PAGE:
Conger, Jay A. “How ‘Gen X’ Managers Manage.”
ISSUE
Pages 22 and 24

When the University of California at Los Angeles asked freshmen in 1993 whether “to be very well off financially” was an objective they considered essential or very important, 74.5 percent responded in the affirmative. The figure in 1971 was just 40.1 percent. When asked why it was very important to go to college, 75.1 percent of freshmen in 1993 said “to make more money.” Only 49.9 percent said so in 1971....

In 1890, for example, only 16 percent of parents believed that independence was an important quality; but by the end of the 1970’s, approximately 75 percent felt that independence was the most important character trait.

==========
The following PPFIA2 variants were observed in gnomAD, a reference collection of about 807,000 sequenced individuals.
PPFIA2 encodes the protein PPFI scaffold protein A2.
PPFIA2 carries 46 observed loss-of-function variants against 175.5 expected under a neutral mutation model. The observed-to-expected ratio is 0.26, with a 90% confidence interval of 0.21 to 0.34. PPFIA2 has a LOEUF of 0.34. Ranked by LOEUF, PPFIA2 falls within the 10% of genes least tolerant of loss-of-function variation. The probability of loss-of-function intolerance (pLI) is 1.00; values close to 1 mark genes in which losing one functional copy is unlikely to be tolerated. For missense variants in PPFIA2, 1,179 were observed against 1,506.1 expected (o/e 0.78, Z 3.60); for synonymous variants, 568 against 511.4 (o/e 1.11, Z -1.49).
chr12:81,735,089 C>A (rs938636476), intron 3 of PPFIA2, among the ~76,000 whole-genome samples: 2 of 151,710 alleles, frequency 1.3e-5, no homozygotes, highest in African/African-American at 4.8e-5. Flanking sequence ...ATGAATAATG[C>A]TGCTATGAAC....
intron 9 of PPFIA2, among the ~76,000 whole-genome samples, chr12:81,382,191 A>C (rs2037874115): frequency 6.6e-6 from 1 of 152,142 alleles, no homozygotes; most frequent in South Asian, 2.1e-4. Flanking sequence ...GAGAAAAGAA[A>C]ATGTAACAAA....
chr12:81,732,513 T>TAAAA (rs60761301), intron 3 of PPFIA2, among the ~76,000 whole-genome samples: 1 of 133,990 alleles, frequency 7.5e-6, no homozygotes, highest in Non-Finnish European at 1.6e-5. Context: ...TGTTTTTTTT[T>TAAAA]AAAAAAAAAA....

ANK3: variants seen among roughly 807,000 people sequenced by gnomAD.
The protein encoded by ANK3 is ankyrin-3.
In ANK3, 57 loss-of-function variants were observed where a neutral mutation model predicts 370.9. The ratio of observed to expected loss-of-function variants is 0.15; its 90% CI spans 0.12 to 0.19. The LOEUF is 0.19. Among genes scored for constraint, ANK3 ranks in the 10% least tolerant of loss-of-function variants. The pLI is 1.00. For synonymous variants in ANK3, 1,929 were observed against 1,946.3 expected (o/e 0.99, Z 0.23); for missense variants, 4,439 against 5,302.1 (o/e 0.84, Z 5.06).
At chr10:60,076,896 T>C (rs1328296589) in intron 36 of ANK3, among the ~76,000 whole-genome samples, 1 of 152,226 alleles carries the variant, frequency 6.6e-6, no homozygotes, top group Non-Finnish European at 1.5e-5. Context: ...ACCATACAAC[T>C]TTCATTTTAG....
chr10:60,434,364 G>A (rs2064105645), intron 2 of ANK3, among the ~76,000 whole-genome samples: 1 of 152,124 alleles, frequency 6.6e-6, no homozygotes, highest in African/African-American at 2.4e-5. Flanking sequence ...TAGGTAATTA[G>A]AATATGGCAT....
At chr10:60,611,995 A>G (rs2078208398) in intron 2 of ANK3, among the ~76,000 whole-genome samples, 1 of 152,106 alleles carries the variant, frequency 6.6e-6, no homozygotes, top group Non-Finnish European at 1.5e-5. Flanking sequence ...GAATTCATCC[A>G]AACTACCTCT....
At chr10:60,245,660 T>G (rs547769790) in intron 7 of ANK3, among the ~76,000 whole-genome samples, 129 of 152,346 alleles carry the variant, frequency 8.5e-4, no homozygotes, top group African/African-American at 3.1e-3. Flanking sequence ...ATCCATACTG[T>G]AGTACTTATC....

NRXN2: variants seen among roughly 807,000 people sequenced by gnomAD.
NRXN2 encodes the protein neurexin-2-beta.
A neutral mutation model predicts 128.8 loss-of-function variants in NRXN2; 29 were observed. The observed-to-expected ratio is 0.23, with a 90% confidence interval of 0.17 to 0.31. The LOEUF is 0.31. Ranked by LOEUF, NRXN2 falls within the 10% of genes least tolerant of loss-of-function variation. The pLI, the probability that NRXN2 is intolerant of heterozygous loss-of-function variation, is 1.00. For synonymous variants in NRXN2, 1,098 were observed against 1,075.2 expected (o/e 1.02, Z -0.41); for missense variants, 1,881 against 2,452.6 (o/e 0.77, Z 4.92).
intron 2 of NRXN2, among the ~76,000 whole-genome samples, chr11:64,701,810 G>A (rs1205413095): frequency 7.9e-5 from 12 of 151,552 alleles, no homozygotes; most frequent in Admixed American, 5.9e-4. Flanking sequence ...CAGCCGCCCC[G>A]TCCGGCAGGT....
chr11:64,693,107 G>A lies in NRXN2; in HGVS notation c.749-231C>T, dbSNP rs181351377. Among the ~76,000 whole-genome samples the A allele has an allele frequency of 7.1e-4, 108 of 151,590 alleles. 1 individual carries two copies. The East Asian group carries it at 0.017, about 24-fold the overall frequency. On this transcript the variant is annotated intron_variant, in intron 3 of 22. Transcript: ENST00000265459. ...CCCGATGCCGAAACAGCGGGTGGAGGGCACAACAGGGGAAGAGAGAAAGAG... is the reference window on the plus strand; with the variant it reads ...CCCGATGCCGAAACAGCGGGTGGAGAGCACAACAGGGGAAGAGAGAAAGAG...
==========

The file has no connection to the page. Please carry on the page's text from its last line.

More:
As independence has grown in importance, its antithesis—obedience—has diminished steadily as a valued trait. For example, 64 percent of parents in 1890 cited obedience as one of the three most important characteristics in child-rearing. This fell to 17 percent by 1978. This gap between the two traits has only grown further with Generation X. The heightened importance of independence is, in part, related to the nation’s growing affluence. People have more money for the services and machinery needed to run a household. That has made them less dependent on family and
community.